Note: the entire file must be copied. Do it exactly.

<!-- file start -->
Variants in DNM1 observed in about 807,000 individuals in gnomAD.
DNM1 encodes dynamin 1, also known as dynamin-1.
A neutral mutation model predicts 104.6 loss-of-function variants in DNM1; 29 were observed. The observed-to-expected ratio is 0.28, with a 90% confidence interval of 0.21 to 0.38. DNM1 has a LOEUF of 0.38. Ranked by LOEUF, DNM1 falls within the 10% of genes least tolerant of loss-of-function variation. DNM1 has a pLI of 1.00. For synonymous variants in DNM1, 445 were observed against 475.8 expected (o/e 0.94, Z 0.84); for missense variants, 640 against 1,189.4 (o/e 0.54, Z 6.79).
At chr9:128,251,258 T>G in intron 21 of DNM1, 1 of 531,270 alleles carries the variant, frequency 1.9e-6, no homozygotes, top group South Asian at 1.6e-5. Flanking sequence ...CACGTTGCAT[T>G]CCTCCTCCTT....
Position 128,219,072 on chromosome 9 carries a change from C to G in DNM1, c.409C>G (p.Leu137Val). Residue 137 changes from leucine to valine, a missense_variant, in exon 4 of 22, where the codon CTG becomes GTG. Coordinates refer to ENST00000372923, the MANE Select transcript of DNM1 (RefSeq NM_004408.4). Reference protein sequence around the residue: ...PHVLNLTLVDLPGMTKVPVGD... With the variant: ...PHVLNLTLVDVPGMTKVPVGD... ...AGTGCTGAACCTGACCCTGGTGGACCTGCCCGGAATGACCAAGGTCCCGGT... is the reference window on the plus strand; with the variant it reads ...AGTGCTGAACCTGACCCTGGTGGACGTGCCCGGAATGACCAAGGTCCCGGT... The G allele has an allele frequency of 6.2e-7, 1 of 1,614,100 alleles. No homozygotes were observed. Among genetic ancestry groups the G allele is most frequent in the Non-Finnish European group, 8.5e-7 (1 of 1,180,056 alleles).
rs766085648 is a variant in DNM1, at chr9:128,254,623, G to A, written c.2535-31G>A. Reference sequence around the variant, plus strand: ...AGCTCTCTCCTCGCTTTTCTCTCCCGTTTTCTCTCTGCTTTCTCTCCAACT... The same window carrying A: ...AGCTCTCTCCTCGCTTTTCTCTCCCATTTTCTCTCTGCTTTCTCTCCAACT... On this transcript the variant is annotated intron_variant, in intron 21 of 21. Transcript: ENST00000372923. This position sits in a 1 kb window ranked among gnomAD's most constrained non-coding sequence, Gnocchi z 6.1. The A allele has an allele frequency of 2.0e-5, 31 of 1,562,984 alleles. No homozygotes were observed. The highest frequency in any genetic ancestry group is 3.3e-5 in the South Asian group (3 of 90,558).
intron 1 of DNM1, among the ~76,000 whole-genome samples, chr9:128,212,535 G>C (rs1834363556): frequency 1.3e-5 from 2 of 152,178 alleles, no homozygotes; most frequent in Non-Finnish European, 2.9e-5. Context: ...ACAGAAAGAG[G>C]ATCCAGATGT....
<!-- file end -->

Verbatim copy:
Variants in DNM1 observed in about 807,000 individuals in gnomAD.
DNM1 encodes dynamin 1, also known as dynamin-1.
A neutral mutation model predicts 104.6 loss-of-function variants in DNM1; 29 were observed. The observed-to-expected ratio is 0.28, with a 90% confidence interval of 0.21 to 0.38. DNM1 has a LOEUF of 0.38. Ranked by LOEUF, DNM1 falls within the 10% of genes least tolerant of loss-of-function variation. DNM1 has a pLI of 1.00. For synonymous variants in DNM1, 445 were observed against 475.8 expected (o/e 0.94, Z 0.84); for missense variants, 640 against 1,189.4 (o/e 0.54, Z 6.79).
At chr9:128,251,258 T>G in intron 21 of DNM1, 1 of 531,270 alleles carries the variant, frequency 1.9e-6, no homozygotes, top group South Asian at 1.6e-5. Flanking sequence ...CACGTTGCAT[T>G]CCTCCTCCTT....
Position 128,219,072 on chromosome 9 carries a change from C to G in DNM1, c.409C>G (p.Leu137Val). Residue 137 changes from leucine to valine, a missense_variant, in exon 4 of 22, where the codon CTG becomes GTG. Coordinates refer to ENST00000372923, the MANE Select transcript of DNM1 (RefSeq NM_004408.4). Reference protein sequence around the residue: ...PHVLNLTLVDLPGMTKVPVGD... With the variant: ...PHVLNLTLVDVPGMTKVPVGD... ...AGTGCTGAACCTGACCCTGGTGGACCTGCCCGGAATGACCAAGGTCCCGGT... is the reference window on the plus strand; with the variant it reads ...AGTGCTGAACCTGACCCTGGTGGACGTGCCCGGAATGACCAAGGTCCCGGT... The G allele has an allele frequency of 6.2e-7, 1 of 1,614,100 alleles. No homozygotes were observed. Among genetic ancestry groups the G allele is most frequent in the Non-Finnish European group, 8.5e-7 (1 of 1,180,056 alleles).
rs766085648 is a variant in DNM1, at chr9:128,254,623, G to A, written c.2535-31G>A. Reference sequence around the variant, plus strand: ...AGCTCTCTCCTCGCTTTTCTCTCCCGTTTTCTCTCTGCTTTCTCTCCAACT... The same window carrying A: ...AGCTCTCTCCTCGCTTTTCTCTCCCATTTTCTCTCTGCTTTCTCTCCAACT... On this transcript the variant is annotated intron_variant, in intron 21 of 21. Transcript: ENST00000372923. This position sits in a 1 kb window ranked among gnomAD's most constrained non-coding sequence, Gnocchi z 6.1. The A allele has an allele frequency of 2.0e-5, 31 of 1,562,984 alleles. No homozygotes were observed. The highest frequency in any genetic ancestry group is 3.3e-5 in the South Asian group (3 of 90,558).
intron 1 of DNM1, among the ~76,000 whole-genome samples, chr9:128,212,535 G>C (rs1834363556): frequency 1.3e-5 from 2 of 152,178 alleles, no homozygotes; most frequent in Non-Finnish European, 2.9e-5. Context: ...ACAGAAAGAG[G>C]ATCCAGATGT....